In many ways, 2019 was a year of unrest in the sports industry.
The NFL started its year with a controversial no-call in the NFC Championship that helped the L.A. Rams beat the New Orleans Saints, and stirred so much outrage that the NFL instituted a rule change for its next season allowing coaches to challenge a missed pass interference call. Nike began the year under the microscope after Duke star Zion Williamson tore through his Nike sneaker in a February game against North Carolina. The NBA experienced a political crisis in China sparked by a single tweet sent by a team GM in support of the Hong Kong protesters. Nike continued its marketing efforts around Colin Kaepernick, and the NFL arranged a Kaepernick tryout that did not go well for any of the parties. Tiger Woods, who had not won a Major championship in 11 years, completed one of the great sports comeback stories of all time by winning The Masters. The U.S. women’s national soccer team won the FIFA Women’s World Cup amid a lawsuit against U.S. soccer over gender pay discrimination. In Major League Baseball, the Houston Astros returned to the World Series for the second time in three seasons, lost to the Washington Nationals, then were accused of a cheating scheme that now threatens the reputation of the entire league.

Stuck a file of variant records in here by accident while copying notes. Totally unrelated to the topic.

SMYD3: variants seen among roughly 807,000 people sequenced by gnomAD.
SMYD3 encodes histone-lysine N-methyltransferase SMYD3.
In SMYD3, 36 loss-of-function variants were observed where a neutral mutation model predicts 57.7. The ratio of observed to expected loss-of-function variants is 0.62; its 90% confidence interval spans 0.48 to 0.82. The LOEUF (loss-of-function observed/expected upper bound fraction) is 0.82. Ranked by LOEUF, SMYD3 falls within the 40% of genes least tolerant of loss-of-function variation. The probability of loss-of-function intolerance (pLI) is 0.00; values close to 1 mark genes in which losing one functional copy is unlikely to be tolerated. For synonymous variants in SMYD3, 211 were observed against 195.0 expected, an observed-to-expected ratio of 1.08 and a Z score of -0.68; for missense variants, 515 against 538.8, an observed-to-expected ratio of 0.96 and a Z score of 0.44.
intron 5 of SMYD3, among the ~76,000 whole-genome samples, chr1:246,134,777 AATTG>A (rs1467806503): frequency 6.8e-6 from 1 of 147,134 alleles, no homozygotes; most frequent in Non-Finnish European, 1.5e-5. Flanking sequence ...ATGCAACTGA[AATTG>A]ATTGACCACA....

So, what can you expect in 2020? Here are a few predictions and storylines to watch.
Sports betting legalization continues—and affects everything